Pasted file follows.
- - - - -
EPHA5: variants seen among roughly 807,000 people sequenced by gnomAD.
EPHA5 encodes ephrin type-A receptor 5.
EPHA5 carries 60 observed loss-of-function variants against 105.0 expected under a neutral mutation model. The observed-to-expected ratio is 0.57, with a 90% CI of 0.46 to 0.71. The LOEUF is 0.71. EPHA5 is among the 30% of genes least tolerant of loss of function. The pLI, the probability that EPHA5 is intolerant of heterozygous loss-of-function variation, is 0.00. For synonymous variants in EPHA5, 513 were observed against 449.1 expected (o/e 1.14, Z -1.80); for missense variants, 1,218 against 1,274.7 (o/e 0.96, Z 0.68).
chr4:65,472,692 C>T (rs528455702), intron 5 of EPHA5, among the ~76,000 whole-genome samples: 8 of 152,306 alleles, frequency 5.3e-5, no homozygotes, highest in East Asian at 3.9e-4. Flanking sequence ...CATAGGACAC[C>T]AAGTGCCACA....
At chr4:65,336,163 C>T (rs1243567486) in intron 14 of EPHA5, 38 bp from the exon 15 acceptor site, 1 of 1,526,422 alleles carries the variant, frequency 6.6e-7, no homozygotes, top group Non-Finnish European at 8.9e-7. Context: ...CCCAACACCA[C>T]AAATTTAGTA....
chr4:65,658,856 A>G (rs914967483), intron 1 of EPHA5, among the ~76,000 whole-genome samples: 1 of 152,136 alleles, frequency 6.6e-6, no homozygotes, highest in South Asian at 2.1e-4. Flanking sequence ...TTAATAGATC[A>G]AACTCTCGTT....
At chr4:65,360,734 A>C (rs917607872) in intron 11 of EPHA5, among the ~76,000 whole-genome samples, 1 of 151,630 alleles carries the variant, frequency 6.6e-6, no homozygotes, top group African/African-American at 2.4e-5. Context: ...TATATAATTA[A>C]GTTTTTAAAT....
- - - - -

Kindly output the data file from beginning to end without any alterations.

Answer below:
EPHA5: variants seen among roughly 807,000 people sequenced by gnomAD.
EPHA5 encodes ephrin type-A receptor 5.
EPHA5 carries 60 observed loss-of-function variants against 105.0 expected under a neutral mutation model. The observed-to-expected ratio is 0.57, with a 90% CI of 0.46 to 0.71. The LOEUF is 0.71. EPHA5 is among the 30% of genes least tolerant of loss of function. The pLI, the probability that EPHA5 is intolerant of heterozygous loss-of-function variation, is 0.00. For synonymous variants in EPHA5, 513 were observed against 449.1 expected (o/e 1.14, Z -1.80); for missense variants, 1,218 against 1,274.7 (o/e 0.96, Z 0.68).
chr4:65,472,692 C>T (rs528455702), intron 5 of EPHA5, among the ~76,000 whole-genome samples: 8 of 152,306 alleles, frequency 5.3e-5, no homozygotes, highest in East Asian at 3.9e-4. Flanking sequence ...CATAGGACAC[C>T]AAGTGCCACA....
At chr4:65,336,163 C>T (rs1243567486) in intron 14 of EPHA5, 38 bp from the exon 15 acceptor site, 1 of 1,526,422 alleles carries the variant, frequency 6.6e-7, no homozygotes, top group Non-Finnish European at 8.9e-7. Context: ...CCCAACACCA[C>T]AAATTTAGTA....
chr4:65,658,856 A>G (rs914967483), intron 1 of EPHA5, among the ~76,000 whole-genome samples: 1 of 152,136 alleles, frequency 6.6e-6, no homozygotes, highest in South Asian at 2.1e-4. Flanking sequence ...TTAATAGATC[A>G]AACTCTCGTT....
At chr4:65,360,734 A>C (rs917607872) in intron 11 of EPHA5, among the ~76,000 whole-genome samples, 1 of 151,630 alleles carries the variant, frequency 6.6e-6, no homozygotes, top group African/African-American at 2.4e-5. Context: ...TATATAATTA[A>C]GTTTTTAAAT....